Also, the BB height depends on what tyres you run and what nominal diameter was used in the geometry charts, so I find BB drop a much more useful measurement. My Spitfire is 346mm BB height (12mm BB drop) in the neutral setting which is 306mm with sag. I’ve tried it in the lower setting and it’s great on steeper/faster/more open trails but you can’t pedal as early out of corners so you end up slower and quick left-right-left-corners are harder with the lower BB and resulting slacker angles.
As with all things, there is no ideal and ‘medium’ is often best despite it not sounding as exciting as ‘super slack’ or ‘ultra low’ or ‘super stiff’ etc…Posted 5 years ago
True not easy to compare, but the Remedy is the odd one out compared against rival 29ers and is supposed to ride high in its travel with the dual chamber shock. Have to say it puts me right off this bike. Why would they run it so much higher than their 650b version unless it was just a compromise on frames e.g. common front triangle.Posted 5 years ago
The greater the BB drop, the greater the stability but the more the flickability is reduced – so a higher BB will be better at quick slalom turns whilst a lower BB will be better at carving long flat corners.
Good point, I hadn’t thought of that and could explain why Trek chose a higher BB for their 29er – presuming it was a genuine choice and not simply a cost saving compromise. Maybe they thought the 29er was inherently stable enough to cope with a higher BB? But their rivals seem to have gone down the lower route.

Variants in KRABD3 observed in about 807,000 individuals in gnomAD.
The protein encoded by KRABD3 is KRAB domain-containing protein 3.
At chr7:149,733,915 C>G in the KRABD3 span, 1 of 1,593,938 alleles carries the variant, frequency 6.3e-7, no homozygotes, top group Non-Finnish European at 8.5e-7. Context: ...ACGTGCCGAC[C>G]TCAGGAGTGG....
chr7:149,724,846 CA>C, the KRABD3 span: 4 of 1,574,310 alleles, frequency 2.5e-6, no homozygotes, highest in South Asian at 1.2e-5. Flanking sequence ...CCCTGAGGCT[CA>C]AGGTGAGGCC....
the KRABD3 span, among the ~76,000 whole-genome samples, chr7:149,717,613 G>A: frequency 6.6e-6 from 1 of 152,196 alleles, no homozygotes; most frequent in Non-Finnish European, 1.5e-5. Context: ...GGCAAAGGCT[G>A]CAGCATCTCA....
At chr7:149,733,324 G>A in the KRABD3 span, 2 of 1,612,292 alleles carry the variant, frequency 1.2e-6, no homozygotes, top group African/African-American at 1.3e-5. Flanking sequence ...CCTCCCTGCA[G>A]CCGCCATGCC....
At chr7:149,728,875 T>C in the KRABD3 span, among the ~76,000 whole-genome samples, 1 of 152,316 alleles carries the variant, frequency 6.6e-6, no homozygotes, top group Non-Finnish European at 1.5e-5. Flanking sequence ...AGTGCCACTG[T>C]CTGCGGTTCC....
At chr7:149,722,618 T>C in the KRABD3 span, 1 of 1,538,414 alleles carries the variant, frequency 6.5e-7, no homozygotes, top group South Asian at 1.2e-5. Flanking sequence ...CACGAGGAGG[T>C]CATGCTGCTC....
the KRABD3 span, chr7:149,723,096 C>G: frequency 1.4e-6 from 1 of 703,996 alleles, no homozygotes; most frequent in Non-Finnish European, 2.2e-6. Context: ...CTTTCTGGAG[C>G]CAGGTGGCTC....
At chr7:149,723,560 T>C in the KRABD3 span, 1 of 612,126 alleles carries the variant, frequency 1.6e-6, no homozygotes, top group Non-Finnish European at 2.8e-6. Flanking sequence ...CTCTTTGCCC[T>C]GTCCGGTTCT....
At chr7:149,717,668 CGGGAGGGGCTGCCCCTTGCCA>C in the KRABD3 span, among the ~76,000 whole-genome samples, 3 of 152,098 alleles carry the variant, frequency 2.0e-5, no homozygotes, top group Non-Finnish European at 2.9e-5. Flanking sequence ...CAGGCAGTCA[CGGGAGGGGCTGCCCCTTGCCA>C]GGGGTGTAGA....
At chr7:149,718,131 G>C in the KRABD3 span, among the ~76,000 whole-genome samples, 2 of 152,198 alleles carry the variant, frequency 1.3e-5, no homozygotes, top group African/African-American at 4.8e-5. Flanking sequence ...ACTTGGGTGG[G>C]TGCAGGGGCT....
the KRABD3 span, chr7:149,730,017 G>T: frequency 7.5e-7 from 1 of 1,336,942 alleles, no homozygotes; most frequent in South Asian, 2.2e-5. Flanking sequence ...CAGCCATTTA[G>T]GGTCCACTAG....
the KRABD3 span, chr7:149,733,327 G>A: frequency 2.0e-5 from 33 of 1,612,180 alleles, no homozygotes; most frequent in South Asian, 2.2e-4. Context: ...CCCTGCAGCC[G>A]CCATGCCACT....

Forgot to mention I’m quite tall at 6’1″ with long legs, so I’m quite conscious of seat height. Dropper posts help massively, but would like a reasonably low pedalling position if possiblePosted 5 years agoroverpigSubscriber
Higher BB also makes it easier to loft the front wheel up (playful seems to be the preferred term). As always there is no right answer. The current trend is for bikes that are super stable at speed in a straight line, so you can just let go of the brakes and smash through stuff to get that all important Strava time. But if you like to hop around, bouncing off stuff and changing lines for the hell of it then a higher BB (particularly on a 29er, where the axles are higher) may suit you better. Anyway, 350mm (unsagged) is hardly extreme.Posted 5 years ago